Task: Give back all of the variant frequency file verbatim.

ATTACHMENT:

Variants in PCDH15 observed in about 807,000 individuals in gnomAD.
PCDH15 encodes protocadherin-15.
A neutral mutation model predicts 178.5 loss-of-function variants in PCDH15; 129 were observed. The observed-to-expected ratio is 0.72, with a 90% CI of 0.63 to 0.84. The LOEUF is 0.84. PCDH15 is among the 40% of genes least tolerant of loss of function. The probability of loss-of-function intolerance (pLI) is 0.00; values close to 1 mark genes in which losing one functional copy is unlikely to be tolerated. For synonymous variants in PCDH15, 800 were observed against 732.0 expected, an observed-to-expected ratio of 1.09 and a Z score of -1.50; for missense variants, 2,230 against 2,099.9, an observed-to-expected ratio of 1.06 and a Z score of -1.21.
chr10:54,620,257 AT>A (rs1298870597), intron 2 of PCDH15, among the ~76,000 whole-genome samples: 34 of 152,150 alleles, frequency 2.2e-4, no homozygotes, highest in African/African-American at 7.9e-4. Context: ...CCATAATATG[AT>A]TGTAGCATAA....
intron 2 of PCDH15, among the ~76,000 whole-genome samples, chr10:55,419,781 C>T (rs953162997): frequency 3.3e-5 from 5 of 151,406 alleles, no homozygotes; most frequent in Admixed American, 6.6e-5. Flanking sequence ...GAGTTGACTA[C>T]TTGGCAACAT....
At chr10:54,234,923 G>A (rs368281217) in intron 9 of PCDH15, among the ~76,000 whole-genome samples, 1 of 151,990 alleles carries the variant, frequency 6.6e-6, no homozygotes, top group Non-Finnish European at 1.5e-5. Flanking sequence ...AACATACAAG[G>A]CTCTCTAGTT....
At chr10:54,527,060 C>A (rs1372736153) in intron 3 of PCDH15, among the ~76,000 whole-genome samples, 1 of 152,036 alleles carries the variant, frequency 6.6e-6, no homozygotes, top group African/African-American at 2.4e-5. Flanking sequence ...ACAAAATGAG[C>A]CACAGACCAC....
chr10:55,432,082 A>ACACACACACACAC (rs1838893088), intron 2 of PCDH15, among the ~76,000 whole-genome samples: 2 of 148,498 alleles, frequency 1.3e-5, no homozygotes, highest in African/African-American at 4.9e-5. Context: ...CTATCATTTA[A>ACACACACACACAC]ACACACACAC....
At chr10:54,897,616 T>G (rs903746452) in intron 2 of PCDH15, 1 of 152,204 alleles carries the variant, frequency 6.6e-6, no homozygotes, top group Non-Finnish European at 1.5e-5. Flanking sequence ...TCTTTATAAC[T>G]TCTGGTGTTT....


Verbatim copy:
Variants in PCDH15 observed in about 807,000 individuals in gnomAD.
PCDH15 encodes protocadherin-15.
A neutral mutation model predicts 178.5 loss-of-function variants in PCDH15; 129 were observed. The observed-to-expected ratio is 0.72, with a 90% CI of 0.63 to 0.84. The LOEUF is 0.84. PCDH15 is among the 40% of genes least tolerant of loss of function. The probability of loss-of-function intolerance (pLI) is 0.00; values close to 1 mark genes in which losing one functional copy is unlikely to be tolerated. For synonymous variants in PCDH15, 800 were observed against 732.0 expected, an observed-to-expected ratio of 1.09 and a Z score of -1.50; for missense variants, 2,230 against 2,099.9, an observed-to-expected ratio of 1.06 and a Z score of -1.21.
chr10:54,620,257 AT>A (rs1298870597), intron 2 of PCDH15, among the ~76,000 whole-genome samples: 34 of 152,150 alleles, frequency 2.2e-4, no homozygotes, highest in African/African-American at 7.9e-4. Context: ...CCATAATATG[AT>A]TGTAGCATAA....
intron 2 of PCDH15, among the ~76,000 whole-genome samples, chr10:55,419,781 C>T (rs953162997): frequency 3.3e-5 from 5 of 151,406 alleles, no homozygotes; most frequent in Admixed American, 6.6e-5. Flanking sequence ...GAGTTGACTA[C>T]TTGGCAACAT....
At chr10:54,234,923 G>A (rs368281217) in intron 9 of PCDH15, among the ~76,000 whole-genome samples, 1 of 151,990 alleles carries the variant, frequency 6.6e-6, no homozygotes, top group Non-Finnish European at 1.5e-5. Flanking sequence ...AACATACAAG[G>A]CTCTCTAGTT....
At chr10:54,527,060 C>A (rs1372736153) in intron 3 of PCDH15, among the ~76,000 whole-genome samples, 1 of 152,036 alleles carries the variant, frequency 6.6e-6, no homozygotes, top group African/African-American at 2.4e-5. Flanking sequence ...ACAAAATGAG[C>A]CACAGACCAC....
chr10:55,432,082 A>ACACACACACACAC (rs1838893088), intron 2 of PCDH15, among the ~76,000 whole-genome samples: 2 of 148,498 alleles, frequency 1.3e-5, no homozygotes, highest in African/African-American at 4.9e-5. Context: ...CTATCATTTA[A>ACACACACACACAC]ACACACACAC....
At chr10:54,897,616 T>G (rs903746452) in intron 2 of PCDH15, 1 of 152,204 alleles carries the variant, frequency 6.6e-6, no homozygotes, top group Non-Finnish European at 1.5e-5. Flanking sequence ...TCTTTATAAC[T>G]TCTGGTGTTT....